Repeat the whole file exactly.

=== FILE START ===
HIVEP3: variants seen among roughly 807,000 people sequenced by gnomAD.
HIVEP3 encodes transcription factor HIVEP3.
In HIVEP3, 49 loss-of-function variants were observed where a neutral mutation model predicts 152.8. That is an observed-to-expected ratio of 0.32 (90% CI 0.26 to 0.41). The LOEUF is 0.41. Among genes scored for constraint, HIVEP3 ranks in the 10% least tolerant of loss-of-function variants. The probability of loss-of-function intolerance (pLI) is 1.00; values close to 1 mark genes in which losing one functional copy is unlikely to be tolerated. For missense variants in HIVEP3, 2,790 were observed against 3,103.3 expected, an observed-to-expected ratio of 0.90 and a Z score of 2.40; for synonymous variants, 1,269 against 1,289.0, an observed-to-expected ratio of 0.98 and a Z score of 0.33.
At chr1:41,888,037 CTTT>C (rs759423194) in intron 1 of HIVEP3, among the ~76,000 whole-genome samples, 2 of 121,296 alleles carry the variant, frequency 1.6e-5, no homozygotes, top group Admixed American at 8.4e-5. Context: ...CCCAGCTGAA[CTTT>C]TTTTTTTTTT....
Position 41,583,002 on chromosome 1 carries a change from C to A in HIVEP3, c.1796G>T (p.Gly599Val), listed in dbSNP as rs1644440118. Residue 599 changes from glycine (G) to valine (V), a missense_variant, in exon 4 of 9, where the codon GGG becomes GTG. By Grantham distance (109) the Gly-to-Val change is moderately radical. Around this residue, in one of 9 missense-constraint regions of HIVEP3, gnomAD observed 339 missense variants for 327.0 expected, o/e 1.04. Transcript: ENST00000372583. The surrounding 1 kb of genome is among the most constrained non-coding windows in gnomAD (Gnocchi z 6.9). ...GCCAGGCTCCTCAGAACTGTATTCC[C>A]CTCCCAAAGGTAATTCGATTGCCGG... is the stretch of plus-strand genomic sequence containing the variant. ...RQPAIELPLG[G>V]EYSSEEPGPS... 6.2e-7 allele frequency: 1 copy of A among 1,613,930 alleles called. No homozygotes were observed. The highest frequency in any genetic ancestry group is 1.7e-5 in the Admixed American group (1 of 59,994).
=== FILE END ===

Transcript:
HIVEP3: variants seen among roughly 807,000 people sequenced by gnomAD.
HIVEP3 encodes transcription factor HIVEP3.
In HIVEP3, 49 loss-of-function variants were observed where a neutral mutation model predicts 152.8. That is an observed-to-expected ratio of 0.32 (90% CI 0.26 to 0.41). The LOEUF is 0.41. Among genes scored for constraint, HIVEP3 ranks in the 10% least tolerant of loss-of-function variants. The probability of loss-of-function intolerance (pLI) is 1.00; values close to 1 mark genes in which losing one functional copy is unlikely to be tolerated. For missense variants in HIVEP3, 2,790 were observed against 3,103.3 expected, an observed-to-expected ratio of 0.90 and a Z score of 2.40; for synonymous variants, 1,269 against 1,289.0, an observed-to-expected ratio of 0.98 and a Z score of 0.33.
At chr1:41,888,037 CTTT>C (rs759423194) in intron 1 of HIVEP3, among the ~76,000 whole-genome samples, 2 of 121,296 alleles carry the variant, frequency 1.6e-5, no homozygotes, top group Admixed American at 8.4e-5. Context: ...CCCAGCTGAA[CTTT>C]TTTTTTTTTT....
Position 41,583,002 on chromosome 1 carries a change from C to A in HIVEP3, c.1796G>T (p.Gly599Val), listed in dbSNP as rs1644440118. Residue 599 changes from glycine (G) to valine (V), a missense_variant, in exon 4 of 9, where the codon GGG becomes GTG. By Grantham distance (109) the Gly-to-Val change is moderately radical. Around this residue, in one of 9 missense-constraint regions of HIVEP3, gnomAD observed 339 missense variants for 327.0 expected, o/e 1.04. Transcript: ENST00000372583. The surrounding 1 kb of genome is among the most constrained non-coding windows in gnomAD (Gnocchi z 6.9). ...GCCAGGCTCCTCAGAACTGTATTCC[C>A]CTCCCAAAGGTAATTCGATTGCCGG... is the stretch of plus-strand genomic sequence containing the variant. ...RQPAIELPLG[G>V]EYSSEEPGPS... 6.2e-7 allele frequency: 1 copy of A among 1,613,930 alleles called. No homozygotes were observed. The highest frequency in any genetic ancestry group is 1.7e-5 in the Admixed American group (1 of 59,994).